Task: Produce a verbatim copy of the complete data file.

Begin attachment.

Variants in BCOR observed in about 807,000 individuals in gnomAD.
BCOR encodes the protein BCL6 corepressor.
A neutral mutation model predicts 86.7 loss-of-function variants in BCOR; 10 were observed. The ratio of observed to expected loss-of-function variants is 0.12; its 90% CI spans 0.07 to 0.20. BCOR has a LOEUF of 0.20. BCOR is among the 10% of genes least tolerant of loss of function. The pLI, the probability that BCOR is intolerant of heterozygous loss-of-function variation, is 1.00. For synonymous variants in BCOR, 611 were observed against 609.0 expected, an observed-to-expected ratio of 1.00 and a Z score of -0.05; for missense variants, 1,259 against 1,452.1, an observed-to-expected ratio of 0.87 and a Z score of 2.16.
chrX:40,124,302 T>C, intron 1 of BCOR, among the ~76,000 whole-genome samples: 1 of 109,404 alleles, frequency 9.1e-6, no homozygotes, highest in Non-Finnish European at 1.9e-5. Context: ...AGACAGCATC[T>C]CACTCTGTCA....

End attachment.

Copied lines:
Variants in BCOR observed in about 807,000 individuals in gnomAD.
BCOR encodes the protein BCL6 corepressor.
A neutral mutation model predicts 86.7 loss-of-function variants in BCOR; 10 were observed. The ratio of observed to expected loss-of-function variants is 0.12; its 90% CI spans 0.07 to 0.20. BCOR has a LOEUF of 0.20. BCOR is among the 10% of genes least tolerant of loss of function. The pLI, the probability that BCOR is intolerant of heterozygous loss-of-function variation, is 1.00. For synonymous variants in BCOR, 611 were observed against 609.0 expected, an observed-to-expected ratio of 1.00 and a Z score of -0.05; for missense variants, 1,259 against 1,452.1, an observed-to-expected ratio of 0.87 and a Z score of 2.16.
chrX:40,124,302 T>C, intron 1 of BCOR, among the ~76,000 whole-genome samples: 1 of 109,404 alleles, frequency 9.1e-6, no homozygotes, highest in Non-Finnish European at 1.9e-5. Context: ...AGACAGCATC[T>C]CACTCTGTCA....